The architecture and fitting out of the new Supreme Court building was savaged in an article in The Times on Saturday by Marcus Binney, the President of SAVE Britain’s Heritage.

Mr Binney plainly does not like to restoration work undertaken to what was the Middlesex Guildhall.  He starts by saying that in future,”‘supreme’ should stand for the total emasculation of a historic building’s character, the gratuitous removal of fine fittings designed and made for it, and, in this case, the neutering of the Guildhall’s robust masculinity in favour of a bland, executive lounge look, with the rejection of shiploads of fine craftsmanship in favour of a select number of token artworks”.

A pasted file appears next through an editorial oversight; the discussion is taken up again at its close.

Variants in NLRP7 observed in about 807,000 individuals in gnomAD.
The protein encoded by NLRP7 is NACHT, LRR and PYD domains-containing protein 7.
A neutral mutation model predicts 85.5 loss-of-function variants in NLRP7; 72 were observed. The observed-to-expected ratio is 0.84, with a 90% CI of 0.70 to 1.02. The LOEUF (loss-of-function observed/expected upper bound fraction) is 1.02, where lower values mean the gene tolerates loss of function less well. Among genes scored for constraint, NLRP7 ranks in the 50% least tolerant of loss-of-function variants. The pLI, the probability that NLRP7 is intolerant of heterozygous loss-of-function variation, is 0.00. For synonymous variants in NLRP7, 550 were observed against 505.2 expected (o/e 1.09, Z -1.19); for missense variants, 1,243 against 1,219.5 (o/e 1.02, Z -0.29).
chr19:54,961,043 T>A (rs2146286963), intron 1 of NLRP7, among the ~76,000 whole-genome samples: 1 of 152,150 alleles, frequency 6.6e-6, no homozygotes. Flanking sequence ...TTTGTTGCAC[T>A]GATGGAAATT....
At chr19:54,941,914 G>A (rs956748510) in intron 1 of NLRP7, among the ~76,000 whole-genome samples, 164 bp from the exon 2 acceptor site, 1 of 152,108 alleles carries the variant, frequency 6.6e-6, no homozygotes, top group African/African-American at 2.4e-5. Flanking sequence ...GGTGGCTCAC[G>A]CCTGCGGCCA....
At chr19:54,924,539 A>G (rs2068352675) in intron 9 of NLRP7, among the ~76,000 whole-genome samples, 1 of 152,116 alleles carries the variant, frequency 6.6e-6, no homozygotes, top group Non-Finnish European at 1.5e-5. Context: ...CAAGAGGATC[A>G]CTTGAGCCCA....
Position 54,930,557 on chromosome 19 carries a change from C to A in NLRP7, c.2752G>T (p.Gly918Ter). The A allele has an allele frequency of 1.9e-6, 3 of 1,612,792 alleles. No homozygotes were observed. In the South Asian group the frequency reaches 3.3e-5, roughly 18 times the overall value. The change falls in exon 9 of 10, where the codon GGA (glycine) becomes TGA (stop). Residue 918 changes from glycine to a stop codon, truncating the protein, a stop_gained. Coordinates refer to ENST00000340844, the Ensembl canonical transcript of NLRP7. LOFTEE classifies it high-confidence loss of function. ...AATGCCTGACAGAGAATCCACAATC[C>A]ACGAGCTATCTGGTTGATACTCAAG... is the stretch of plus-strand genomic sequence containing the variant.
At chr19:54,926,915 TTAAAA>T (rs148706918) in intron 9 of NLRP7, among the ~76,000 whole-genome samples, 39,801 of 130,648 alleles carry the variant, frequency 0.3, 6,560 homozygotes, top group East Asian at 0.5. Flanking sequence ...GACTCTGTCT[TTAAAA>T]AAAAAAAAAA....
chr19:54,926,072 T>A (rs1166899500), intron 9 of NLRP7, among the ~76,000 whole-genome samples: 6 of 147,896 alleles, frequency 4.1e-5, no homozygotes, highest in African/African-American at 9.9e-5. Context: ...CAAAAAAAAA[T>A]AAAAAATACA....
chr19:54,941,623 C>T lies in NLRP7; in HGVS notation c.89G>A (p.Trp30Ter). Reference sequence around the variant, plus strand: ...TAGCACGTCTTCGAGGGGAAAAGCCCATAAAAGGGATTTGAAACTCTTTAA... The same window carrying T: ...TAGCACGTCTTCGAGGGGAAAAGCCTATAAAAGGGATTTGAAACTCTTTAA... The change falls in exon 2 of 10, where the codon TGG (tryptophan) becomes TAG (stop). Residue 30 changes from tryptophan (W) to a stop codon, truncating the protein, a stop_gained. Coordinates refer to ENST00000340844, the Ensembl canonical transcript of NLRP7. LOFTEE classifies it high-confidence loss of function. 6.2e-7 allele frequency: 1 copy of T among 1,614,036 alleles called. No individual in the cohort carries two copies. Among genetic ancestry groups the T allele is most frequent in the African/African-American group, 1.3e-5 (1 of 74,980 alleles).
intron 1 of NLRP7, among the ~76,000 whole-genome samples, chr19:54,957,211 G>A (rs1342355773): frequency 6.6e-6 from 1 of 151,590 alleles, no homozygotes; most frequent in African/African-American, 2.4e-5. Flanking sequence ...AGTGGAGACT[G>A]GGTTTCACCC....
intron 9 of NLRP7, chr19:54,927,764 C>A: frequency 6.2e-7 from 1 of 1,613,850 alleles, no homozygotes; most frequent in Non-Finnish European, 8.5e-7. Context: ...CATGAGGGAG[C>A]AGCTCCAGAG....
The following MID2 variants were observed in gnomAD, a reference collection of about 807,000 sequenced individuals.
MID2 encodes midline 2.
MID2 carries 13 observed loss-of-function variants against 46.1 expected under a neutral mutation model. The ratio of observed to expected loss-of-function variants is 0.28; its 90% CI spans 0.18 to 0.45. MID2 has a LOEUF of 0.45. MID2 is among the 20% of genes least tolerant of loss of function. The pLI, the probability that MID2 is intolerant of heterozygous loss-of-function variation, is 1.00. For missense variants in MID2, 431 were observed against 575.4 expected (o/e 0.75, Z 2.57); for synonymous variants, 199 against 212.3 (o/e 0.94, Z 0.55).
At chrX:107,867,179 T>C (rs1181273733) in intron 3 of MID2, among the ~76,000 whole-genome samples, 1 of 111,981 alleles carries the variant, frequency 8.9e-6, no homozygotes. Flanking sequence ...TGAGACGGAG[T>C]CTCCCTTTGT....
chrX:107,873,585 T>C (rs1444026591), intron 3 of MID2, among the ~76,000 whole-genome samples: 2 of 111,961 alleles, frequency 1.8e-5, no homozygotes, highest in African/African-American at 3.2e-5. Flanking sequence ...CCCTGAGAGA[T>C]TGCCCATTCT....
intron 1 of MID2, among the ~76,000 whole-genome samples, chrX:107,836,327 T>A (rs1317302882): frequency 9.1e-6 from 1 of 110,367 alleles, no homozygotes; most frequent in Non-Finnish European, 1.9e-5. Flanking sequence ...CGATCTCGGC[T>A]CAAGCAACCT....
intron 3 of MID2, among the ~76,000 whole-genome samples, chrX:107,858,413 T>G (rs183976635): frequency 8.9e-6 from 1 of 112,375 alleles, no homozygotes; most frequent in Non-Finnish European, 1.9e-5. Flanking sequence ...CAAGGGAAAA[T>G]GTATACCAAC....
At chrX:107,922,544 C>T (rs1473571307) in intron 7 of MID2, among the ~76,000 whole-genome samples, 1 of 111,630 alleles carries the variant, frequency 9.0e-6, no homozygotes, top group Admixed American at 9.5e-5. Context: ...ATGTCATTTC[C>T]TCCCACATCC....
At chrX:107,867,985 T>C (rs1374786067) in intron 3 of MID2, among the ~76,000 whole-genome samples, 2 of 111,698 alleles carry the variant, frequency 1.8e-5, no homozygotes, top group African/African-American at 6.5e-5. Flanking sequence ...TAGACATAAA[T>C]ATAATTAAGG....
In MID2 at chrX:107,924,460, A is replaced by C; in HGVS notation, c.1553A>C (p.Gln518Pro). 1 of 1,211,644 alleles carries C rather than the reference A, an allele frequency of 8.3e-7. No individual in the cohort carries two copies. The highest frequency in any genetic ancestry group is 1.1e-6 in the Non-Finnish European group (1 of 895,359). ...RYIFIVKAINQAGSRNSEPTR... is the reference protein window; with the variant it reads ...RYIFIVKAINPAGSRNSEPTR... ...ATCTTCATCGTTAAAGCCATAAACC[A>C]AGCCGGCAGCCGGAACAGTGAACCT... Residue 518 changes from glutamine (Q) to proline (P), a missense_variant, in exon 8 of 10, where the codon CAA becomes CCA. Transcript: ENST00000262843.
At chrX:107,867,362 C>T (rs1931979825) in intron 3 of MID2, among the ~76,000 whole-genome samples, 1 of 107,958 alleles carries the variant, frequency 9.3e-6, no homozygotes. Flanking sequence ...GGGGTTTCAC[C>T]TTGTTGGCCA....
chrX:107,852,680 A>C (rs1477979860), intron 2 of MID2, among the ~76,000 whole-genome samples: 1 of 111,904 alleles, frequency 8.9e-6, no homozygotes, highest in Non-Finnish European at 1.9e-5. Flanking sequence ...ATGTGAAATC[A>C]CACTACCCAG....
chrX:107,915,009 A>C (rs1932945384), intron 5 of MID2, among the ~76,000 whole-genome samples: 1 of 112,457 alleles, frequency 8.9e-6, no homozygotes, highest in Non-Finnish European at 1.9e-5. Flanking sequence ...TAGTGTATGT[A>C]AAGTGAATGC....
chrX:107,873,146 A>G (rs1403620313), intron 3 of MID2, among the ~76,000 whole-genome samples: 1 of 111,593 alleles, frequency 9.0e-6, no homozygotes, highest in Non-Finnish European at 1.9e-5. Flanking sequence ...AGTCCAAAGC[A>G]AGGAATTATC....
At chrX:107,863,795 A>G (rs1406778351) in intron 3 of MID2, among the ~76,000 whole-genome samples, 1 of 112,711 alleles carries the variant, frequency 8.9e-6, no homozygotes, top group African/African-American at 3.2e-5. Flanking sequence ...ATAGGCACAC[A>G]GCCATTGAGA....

Warming to his theme, he claims that the Court’s symbolism is “schoolboy stuff”, states that the bookcases “could have been bought at Ikea” and describes the library as “a hole with clunkily detailed fittings”.  He says that the new new bespoke furniture “is an even greater puzzle” and that the “woodwork looks like Formica veneer and the high-backed armchairs are slightly refined versions of executive-class airline seats”.

Mr Binney states that the Ministry of Justice provided a breakdown for the oft-stated capital cost of £58.9m for the building.  Apparently, £36.7m was paid to Kier Group (there is a leaseback arrangement with rental payments of £2.1m per annum increasing to £2.5m a year over 30 years) and set-up costs (provision of library, visitor facilities etc) were £20.2m.